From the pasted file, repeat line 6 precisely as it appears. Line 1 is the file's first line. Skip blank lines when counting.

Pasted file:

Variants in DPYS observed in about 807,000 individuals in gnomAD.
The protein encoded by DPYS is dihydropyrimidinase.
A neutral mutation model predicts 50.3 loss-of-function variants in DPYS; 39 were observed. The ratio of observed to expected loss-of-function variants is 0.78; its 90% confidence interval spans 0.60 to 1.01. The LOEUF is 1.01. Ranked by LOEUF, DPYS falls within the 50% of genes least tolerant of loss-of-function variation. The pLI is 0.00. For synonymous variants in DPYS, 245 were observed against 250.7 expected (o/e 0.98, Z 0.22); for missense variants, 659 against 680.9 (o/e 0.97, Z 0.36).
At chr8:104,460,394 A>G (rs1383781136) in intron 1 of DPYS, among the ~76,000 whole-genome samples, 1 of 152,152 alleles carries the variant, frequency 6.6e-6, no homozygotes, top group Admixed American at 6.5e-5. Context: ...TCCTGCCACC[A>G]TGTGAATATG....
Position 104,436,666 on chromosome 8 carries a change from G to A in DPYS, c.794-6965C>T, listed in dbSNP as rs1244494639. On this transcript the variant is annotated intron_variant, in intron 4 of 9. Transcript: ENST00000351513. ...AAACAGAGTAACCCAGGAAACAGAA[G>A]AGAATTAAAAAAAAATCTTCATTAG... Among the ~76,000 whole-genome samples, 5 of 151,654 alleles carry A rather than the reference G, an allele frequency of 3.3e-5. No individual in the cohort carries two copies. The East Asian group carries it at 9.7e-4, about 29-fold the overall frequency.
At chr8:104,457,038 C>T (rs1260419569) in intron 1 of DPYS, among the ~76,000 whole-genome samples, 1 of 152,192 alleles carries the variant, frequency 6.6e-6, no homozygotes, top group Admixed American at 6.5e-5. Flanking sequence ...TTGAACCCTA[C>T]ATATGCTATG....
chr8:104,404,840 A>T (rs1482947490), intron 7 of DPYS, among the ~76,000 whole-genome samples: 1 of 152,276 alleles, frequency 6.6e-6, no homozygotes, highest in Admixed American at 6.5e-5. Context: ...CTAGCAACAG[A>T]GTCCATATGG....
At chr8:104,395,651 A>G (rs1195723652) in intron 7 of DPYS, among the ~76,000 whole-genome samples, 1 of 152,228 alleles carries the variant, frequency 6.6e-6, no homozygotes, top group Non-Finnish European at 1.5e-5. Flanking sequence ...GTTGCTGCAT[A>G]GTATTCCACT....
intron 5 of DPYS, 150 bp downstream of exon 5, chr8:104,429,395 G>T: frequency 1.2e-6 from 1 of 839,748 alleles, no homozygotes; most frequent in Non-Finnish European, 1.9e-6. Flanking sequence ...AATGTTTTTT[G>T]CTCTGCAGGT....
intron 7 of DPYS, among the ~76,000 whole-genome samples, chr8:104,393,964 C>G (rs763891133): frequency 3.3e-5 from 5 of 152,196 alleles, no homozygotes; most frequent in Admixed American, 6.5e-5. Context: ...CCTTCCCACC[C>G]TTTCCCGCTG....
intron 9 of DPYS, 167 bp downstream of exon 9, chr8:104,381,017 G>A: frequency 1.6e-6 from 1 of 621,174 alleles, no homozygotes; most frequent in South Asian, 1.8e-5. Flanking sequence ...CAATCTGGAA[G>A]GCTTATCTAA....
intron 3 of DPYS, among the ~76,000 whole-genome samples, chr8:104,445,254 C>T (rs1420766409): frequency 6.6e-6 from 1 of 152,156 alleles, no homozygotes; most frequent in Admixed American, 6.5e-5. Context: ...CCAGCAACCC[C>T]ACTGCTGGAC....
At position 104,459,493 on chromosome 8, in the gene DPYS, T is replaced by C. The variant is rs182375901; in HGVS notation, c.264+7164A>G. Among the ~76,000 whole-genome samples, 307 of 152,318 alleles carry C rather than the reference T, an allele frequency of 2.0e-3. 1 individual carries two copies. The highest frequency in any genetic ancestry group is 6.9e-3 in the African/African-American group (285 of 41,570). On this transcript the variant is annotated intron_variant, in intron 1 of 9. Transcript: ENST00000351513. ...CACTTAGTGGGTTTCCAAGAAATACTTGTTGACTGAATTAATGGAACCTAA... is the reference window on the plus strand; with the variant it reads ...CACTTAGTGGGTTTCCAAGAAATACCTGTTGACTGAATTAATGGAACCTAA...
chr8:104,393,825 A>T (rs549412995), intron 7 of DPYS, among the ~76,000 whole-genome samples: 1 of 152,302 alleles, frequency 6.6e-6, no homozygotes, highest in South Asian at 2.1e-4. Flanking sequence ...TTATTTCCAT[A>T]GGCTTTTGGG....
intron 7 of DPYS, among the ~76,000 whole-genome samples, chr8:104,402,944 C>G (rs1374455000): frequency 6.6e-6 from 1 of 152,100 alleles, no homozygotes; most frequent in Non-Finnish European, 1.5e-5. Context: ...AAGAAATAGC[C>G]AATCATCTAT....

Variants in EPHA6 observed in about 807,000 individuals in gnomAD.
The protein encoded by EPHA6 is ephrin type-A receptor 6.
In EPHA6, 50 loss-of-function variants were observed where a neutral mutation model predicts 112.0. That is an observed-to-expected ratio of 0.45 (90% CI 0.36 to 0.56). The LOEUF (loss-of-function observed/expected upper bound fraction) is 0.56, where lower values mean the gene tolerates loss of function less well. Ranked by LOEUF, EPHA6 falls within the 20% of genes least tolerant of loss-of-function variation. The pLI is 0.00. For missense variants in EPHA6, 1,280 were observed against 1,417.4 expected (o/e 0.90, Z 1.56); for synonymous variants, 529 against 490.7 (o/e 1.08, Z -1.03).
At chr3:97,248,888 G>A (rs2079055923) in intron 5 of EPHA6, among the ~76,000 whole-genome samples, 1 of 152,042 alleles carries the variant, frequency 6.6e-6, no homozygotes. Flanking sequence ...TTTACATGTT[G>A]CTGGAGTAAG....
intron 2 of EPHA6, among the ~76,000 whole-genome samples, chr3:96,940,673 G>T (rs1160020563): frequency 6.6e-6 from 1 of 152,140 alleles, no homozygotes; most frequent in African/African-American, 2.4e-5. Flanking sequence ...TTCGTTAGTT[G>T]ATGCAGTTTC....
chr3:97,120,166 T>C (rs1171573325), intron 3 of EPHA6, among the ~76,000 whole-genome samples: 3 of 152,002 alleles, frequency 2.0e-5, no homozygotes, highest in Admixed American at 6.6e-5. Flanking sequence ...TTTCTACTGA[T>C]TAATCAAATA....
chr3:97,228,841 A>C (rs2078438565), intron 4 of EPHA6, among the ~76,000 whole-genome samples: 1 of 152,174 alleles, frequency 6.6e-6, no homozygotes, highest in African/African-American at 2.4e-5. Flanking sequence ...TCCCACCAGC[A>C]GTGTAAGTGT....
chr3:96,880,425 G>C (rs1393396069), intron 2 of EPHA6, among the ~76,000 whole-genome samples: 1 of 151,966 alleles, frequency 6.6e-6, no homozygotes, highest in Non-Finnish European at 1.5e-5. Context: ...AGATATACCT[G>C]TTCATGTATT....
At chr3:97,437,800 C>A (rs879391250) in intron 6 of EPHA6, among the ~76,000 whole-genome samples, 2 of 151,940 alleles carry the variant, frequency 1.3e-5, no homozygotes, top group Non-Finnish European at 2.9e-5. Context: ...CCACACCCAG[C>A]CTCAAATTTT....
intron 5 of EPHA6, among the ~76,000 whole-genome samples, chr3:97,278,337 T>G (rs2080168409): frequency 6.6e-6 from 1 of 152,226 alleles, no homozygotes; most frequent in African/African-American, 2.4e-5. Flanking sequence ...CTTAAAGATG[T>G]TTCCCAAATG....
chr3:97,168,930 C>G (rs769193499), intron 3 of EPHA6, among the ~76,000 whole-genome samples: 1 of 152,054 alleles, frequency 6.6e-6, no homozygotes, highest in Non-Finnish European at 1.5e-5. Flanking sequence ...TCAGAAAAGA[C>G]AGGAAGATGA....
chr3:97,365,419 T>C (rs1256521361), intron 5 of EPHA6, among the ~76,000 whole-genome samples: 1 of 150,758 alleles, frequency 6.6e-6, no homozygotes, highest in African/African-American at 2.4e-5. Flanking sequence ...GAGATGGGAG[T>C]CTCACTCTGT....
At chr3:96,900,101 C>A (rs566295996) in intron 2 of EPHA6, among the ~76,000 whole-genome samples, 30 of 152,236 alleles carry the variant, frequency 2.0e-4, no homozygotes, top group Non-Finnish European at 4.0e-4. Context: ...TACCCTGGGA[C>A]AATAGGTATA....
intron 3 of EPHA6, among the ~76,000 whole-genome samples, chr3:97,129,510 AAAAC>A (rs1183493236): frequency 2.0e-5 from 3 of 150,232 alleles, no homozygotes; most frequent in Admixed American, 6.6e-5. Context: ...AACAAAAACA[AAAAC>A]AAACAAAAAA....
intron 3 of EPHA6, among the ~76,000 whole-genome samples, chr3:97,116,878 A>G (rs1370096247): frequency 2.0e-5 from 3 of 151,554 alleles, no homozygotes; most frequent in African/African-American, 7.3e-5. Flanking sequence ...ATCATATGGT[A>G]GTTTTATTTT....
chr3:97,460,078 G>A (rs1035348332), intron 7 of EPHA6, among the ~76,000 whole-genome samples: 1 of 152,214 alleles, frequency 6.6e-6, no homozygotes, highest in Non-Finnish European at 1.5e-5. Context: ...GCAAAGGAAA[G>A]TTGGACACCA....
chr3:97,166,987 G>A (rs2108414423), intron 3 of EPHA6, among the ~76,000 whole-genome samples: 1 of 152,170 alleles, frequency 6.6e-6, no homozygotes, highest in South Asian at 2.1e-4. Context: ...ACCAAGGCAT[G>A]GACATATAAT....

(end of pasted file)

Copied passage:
At chr8:104,457,038 C>T (rs1260419569) in intron 1 of DPYS, among the ~76,000 whole-genome samples, 1 of 152,192 alleles carries the variant, frequency 6.6e-6, no homozygotes, top group Admixed American at 6.5e-5. Flanking sequence ...TTGAACCCTA[C>T]ATATGCTATG....